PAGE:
For anyone traveling to Tibet and Nepal together, there is a world of excitement and adventure waiting for them. From the high-altitude plateau of Tibet, with its gompas and mountains, to the diverse country of Nepal, filled with hiking trails, mountain views, and sub-tropical forests, a combined trip to Nepal and Tibet is the adventure of a lifetime. Travelers can ride the train from China to the Tibetan capital, Lhasa, where they can see the amazing sights of the Potala Palace and the famous Jokhang Temple. Then travel across the region, visiting small Tibetan villages, crystal clear lakes, high mountains, alpine prairies, and countless monasteries and stop off at the northern Everest Base Camp before crossing the border to descend into Nepal.
There they can tour around Kathmandu, the capital city and one of the most exotic cities in Asia, visit the stunning national parks to see crocodiles, rhinos, and hopefully the endangered Bengal tiger. Alternatively, they can take one of the hundreds of hiking trails around the mountains and valleys in the country, from Annapurna to Manaslu to Everest. Or, if you like, you can do it the other way round, from Nepal to Tibet, and then on to China.
Travel from Nepal to Tibet
Getting from Nepal to Tibet requires certain permits and visas, on top of the normal visa to get into Nepal. The requirement for visas is different when coming from Nepal instead of China, but the rest of the permits are all the same.
Tibet Group Visa
The Tibet Group Tourist Visa is a special kind of single entry visa for Tibet that is issued by the Chinese Embassy in Kathmandu. Unlike traveling from China, where you have a visa to enter China first, the Group Tourist Visa replaces the standard Chinese Entry Visa for travelers to Tibet from Nepal.
The Group Tourist Visa is valid for 30 days in Tibet and China, and while it is called a “Group” Tourist Visa, you do not need to be part of a group to use it, and it can be used by individuals. However, individual tourists cannot make personal applications for the visa, and has to be applied for by a registered tour operator, such as Tibet Tour.
Group Tourist Visa
If you are traveling as part of a group, then all the members of the group will be listed on the visa, including names, nationalities, birth dates, and passport numbers, and each of you will get your own copies. However, it should be noted that all members listed on a Group Tourist Visa must enter and exit Tibet at the same time and through the same exit point. If you are intending to leave Tibet through a different exit point to the rest of your group, then it is advisable to apply your own Group Tourist Visa.
In order to obtain the Group Tourist Visa, you need to provide your original passport, the visa fee, and other supporting documents to the representative of your tour operator once you get to Nepal. They will then make the application for the visa through the Chinese Embassy in Kathmandu. The supporting documents required are the Invitation Letter and itinerary form the tour operator and the Tibet Travel Permit, which is also obtained through the tour operator.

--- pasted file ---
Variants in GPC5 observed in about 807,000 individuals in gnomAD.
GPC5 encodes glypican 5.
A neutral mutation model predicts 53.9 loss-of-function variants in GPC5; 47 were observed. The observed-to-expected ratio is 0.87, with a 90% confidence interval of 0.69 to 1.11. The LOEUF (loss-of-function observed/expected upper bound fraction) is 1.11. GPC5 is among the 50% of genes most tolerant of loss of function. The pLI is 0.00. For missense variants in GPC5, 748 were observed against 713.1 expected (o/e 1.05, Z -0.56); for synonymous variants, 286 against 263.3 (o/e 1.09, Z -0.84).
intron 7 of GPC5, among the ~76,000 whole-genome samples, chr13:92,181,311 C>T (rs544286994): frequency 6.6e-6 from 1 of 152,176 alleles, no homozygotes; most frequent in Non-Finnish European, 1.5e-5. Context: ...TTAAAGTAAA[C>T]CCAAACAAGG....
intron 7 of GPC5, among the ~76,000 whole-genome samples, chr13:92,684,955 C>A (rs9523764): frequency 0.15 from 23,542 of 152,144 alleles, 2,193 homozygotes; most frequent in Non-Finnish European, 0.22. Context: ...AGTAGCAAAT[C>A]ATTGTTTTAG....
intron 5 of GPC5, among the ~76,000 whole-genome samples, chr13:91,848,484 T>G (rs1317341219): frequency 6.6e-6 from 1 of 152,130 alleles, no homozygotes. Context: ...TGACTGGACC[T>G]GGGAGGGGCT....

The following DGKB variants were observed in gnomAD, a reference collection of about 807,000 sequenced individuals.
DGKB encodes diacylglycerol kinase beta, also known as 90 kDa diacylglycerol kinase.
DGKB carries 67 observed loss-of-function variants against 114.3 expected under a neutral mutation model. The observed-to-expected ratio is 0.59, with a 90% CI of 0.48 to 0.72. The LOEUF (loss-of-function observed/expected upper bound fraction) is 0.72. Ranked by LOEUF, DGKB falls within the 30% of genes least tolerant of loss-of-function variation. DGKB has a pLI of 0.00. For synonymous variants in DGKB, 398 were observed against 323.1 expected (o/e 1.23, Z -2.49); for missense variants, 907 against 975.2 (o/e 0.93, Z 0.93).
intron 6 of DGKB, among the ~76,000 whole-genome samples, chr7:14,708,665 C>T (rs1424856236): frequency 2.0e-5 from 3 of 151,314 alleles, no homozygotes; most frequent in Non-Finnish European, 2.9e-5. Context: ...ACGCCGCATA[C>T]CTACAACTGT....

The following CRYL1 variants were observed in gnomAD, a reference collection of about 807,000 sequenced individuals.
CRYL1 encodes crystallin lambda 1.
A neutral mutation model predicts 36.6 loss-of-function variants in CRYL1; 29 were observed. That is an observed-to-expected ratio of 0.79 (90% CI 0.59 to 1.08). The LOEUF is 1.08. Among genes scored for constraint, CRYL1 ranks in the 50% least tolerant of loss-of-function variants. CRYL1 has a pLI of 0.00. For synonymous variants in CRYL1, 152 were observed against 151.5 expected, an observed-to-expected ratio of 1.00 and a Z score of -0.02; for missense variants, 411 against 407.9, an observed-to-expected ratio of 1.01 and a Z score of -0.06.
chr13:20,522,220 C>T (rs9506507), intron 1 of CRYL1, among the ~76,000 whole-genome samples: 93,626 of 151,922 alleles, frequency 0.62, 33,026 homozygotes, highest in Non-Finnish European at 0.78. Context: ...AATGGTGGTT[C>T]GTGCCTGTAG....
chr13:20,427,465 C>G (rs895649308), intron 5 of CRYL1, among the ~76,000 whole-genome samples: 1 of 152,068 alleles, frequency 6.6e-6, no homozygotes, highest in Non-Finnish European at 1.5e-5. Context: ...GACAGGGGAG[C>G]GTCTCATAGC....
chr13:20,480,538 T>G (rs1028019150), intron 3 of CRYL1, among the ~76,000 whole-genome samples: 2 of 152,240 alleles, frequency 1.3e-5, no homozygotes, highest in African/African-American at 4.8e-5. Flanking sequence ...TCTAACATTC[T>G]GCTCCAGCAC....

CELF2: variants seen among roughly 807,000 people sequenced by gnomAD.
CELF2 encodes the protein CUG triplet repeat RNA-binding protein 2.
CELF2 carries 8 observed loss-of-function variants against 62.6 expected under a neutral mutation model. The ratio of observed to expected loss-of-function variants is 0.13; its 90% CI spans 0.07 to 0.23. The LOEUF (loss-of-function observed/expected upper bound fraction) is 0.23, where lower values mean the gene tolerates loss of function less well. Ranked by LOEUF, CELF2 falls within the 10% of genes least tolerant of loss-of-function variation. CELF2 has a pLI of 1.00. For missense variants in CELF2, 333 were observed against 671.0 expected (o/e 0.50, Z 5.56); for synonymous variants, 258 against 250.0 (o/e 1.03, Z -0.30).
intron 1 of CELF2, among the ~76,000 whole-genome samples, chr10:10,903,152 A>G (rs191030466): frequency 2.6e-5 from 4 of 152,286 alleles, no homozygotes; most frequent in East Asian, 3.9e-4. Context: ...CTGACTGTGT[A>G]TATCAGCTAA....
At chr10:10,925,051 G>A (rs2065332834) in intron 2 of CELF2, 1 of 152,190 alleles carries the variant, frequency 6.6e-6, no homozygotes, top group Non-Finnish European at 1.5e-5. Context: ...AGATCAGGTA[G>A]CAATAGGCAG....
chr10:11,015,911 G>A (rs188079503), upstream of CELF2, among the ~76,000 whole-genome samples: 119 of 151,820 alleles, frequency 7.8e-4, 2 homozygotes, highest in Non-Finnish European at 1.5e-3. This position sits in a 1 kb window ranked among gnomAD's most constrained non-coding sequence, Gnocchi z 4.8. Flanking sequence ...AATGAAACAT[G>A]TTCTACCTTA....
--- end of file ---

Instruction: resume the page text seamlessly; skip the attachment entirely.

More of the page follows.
You first apply for the Grout Tourist Visa through the tour operator. First, you need to find a tour operator, such as Tibet Tour, discuss the options on the tour you want for Tibet, and book Tibet tour. They will then make your application for the Tibet Travel Permit.
Once the permit has been returned, they will require you to submit your original passport to them in Kathmandu, so you need to be in Nepal at least four to five days before the expected date of departure of your tour. They will then use that and the supporting documents to make the application for the visa from the Chinese Embassy. The Embassy of the People’s Republic of China is situated in the Baluwatar District of Kathmandu, and is normally open from 9am to 12pm and 2pm to 5pm, only on weekdays. Embassy staff do not work at weekends. Visa applications and collections times run from 9:45am to 11:00am Monday through Friday.
Visa applications are only accepted from Monday to Friday, and the same goes for collections. It normally takes three days to process the application, Which means if your application is submitted on Monday before 11:00 am, your visa will be available for collection on Wednesday afternoon. Once your visa is ready, your tour operator will collect it and bring it to your hotel in Kathmandu. It should be noted that the Chinese Embassy in Kathmandu does not have an “urgent visa” process, and will not accept applications for rush visas.
Costs for the Group Tourist Visa vary, depending on your country of origin. For U.S. citizens, the cost is US$ 140, and for citizens of other countries, the costs are:
Canadian Citizen US$ 120
Romanian Citizen US$ 80
Montenegro Citizen US$ 41
Serbian Citizen US$ 15
Pakistan Citizen US$ 17
Albania Citizen US$ 17
Maldives Citizen US$ 17
Bosnia Citizen US$ 17
Herzegovina Citizen US$ 17
Other Citizen US$ 50
Tibet Travel Permit
The Tibet Travel Permit is the permit issued by the Tibet Tourism Bureau (TTB) for travelers who are planning to visit Tibet. It should be noted that the Tibet Travel Permit does not allow access to all the various areas of Tibet, and certain areas require additional permits to gain access.
In order to obtain the Tibet Travel Permit, one simply needs to book the tour through a recognized, professional tour operator, such as Tibet Tour, and they will do the rest. All you need to send them is the scanned (color) copy of your passport, showing the main page with your photo and details. You should make sure that the scan is clear, and that the details can be read easily.
Tibet Travel Permit
They will then make the application for your Tibet Travel Permit to the Tibet Tourism bureau, in Lhasa, and will give you the permit along with the Group Tourist Visa when you reach Kathmandu. Permits to enter Tibet are issued free by the TTB for visiting tourists, although there is normally a handling and application fee with some tour operators of between US$100 and US$200. However, Tibet Tour includes your Tibet Travel Permit, and all other permits, in the quoted cost of your tour.